Columns/Opinion, Dr. Trembush and Dr. Stout

Little known fact: Rosacea can affect your eyes

Q: After noticing my cheeks were getting redder, I saw a dermatologist who diagnosed rosacea and put me on a medication. I am looking better, but believe my eyes are drier than ever. Is my medication causing this?
A: Your skin condition, rosacea, is very common, and yet is very under-diagnosed. I am glad you saw a dermatologist for this, as they are the very best in diagnosing and treating this sort of condition. Unfortunately, most patients with rosacea do not realize that certain eye effects are commonly associated with it.
In our practice, I would say most patients with rosacea have some degree of eye inflammation also. These are commonly problems with the oil glands of our eyelids. People seldom know, but we have about 40 tiny oil-producing glands in each eyelid. They are designed to secrete a little bit of very thin oil into our tear film with every blink. This oil is critical to holding our tear film intact from one blink to the next. Without the normal oils, our tear film evaporates too quickly, leaving dry spots on our eye surface. Those dry area create some fuzziness in our vision and some drying effect, until we blink or rub our eyes.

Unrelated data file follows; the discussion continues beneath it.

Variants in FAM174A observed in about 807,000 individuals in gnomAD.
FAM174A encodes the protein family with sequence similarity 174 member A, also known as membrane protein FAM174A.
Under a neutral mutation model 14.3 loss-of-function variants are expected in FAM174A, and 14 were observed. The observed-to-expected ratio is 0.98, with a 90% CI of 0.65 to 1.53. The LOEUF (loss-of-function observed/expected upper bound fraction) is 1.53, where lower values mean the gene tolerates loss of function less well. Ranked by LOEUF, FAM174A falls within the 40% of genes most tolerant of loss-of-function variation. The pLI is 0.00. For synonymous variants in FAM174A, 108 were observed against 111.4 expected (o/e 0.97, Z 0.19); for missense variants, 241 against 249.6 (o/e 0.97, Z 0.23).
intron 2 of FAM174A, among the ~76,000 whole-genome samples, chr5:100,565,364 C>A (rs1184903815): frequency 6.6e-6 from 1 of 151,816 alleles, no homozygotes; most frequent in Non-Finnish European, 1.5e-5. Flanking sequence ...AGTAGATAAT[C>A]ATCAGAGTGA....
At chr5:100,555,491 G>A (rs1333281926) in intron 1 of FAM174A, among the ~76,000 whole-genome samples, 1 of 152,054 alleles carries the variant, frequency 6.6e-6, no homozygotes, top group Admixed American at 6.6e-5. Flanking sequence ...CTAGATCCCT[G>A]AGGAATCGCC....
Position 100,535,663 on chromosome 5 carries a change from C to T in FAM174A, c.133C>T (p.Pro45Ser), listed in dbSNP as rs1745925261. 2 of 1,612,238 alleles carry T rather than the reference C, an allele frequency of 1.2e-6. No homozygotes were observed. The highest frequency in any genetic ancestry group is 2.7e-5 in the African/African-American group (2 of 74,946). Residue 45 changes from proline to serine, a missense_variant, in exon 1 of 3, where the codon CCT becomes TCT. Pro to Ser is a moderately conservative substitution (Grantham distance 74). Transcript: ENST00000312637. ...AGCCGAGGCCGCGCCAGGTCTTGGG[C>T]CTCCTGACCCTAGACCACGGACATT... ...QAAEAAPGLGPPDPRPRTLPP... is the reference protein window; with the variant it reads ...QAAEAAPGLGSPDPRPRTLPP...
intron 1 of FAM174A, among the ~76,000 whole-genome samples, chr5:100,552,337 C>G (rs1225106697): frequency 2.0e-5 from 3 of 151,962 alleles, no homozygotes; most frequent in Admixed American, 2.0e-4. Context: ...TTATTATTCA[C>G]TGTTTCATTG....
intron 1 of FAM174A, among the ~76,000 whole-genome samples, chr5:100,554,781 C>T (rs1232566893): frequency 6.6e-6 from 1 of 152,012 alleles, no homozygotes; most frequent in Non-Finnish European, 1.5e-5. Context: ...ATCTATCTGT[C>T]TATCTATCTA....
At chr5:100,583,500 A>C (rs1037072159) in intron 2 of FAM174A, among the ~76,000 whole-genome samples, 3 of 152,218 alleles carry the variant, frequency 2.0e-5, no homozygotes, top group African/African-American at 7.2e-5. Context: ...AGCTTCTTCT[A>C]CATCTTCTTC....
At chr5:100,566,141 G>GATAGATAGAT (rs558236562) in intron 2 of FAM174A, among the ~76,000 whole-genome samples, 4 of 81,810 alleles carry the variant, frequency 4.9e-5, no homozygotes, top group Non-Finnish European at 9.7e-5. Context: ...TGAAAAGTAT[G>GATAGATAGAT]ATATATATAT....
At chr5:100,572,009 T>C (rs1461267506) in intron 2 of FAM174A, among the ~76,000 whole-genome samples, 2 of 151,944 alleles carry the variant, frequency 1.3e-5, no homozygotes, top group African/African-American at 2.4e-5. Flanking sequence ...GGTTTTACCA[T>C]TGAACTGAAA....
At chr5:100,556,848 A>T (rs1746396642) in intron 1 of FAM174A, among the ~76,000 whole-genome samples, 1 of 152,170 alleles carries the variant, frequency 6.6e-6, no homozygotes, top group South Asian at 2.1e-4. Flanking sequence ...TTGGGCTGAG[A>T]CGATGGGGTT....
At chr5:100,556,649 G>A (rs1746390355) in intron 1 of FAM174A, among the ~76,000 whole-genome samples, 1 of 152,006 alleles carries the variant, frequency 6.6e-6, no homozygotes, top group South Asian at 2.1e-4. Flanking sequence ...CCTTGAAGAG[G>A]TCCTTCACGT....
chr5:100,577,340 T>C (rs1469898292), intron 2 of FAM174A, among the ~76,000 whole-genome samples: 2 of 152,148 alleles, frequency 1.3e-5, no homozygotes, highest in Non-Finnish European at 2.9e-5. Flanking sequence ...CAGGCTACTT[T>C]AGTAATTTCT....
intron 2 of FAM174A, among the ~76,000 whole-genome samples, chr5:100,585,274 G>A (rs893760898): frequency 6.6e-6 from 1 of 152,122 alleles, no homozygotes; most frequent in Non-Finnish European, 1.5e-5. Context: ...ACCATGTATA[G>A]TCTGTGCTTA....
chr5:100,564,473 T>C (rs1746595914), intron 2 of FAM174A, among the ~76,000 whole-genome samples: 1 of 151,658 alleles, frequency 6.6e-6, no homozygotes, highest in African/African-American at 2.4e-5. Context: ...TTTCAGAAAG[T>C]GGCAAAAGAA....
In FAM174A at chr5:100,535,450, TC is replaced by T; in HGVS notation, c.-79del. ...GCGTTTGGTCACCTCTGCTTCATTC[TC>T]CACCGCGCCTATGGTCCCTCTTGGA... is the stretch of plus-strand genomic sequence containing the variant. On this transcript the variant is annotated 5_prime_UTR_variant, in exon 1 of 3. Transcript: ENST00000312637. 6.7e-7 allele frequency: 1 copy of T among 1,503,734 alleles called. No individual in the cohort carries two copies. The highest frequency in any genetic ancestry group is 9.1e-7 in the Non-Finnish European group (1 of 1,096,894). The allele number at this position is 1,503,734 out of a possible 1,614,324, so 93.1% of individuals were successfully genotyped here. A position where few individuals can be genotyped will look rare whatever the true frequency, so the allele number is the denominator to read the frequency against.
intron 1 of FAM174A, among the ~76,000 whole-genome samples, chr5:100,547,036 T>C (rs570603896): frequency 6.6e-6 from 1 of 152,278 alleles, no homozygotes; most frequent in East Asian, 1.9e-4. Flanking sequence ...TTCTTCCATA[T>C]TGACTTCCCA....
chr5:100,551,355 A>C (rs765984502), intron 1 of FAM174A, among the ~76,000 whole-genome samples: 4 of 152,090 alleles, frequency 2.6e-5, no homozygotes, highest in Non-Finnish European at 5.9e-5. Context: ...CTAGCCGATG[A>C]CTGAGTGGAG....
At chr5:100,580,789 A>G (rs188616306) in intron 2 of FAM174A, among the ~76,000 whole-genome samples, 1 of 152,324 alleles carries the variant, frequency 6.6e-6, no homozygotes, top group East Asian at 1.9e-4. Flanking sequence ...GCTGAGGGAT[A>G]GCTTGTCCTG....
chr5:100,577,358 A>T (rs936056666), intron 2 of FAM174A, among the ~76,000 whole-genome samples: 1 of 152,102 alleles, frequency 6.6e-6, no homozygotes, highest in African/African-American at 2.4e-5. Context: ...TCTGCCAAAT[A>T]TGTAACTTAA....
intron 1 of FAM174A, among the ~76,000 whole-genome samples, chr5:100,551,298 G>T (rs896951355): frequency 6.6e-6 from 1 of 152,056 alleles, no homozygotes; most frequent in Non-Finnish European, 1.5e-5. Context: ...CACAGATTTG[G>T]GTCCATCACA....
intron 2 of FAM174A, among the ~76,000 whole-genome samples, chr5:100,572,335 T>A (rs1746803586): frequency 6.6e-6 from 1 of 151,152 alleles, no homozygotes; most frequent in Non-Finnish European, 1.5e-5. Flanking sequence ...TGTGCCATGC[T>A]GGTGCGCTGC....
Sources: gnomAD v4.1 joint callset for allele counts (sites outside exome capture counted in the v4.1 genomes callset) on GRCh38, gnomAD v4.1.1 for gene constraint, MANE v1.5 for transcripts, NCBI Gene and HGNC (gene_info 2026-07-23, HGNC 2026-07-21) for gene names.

So, to finally answer your question, your eye symptoms are very normal in rosacea, and are not caused by your medication. In fact, the most common medications for rosacea are also prescribed in our office for the eyelid problems. As your dermatologist likely told you, those medications can increase your tendency to sunburn in direct sunlight.
We now have very good diagnostic techniques to see if your eyelid oil glands are functioning normally, and excellent treatments to restore normal function. This is critical for you to know, as we now know that your condition can cause your oil glands to become completely plugged and die. This progressive damage can result in very severe dry disease in years to come, so that intervention and active treatment is essential. We use in-office procedures to painlessly restore oil gland function, and usually prescribe some at-home treatments as well. These may include specialized fish oil supplements in your diet, topical eye drops to restore tear film oils, and eyelid moist heat compresses. Finally, most patients with this eyelid oil gland condition will need periodic eyelid treatments to prevent further damage — a little like getting your teeth cleaned every six months.
So, you need a thorough dry eye evaluation to determine the status of your eyelid health. Treatments vary with the severity of your condition and several factors. Your eye doctor, if they specialize in dry eye disease, can take steps to keep your eyes comfortable and clear all you life.

DR. THOMAS STOUT, OD, FAAO is an eye physician in private practice at Morgantown Eye Associates. Info: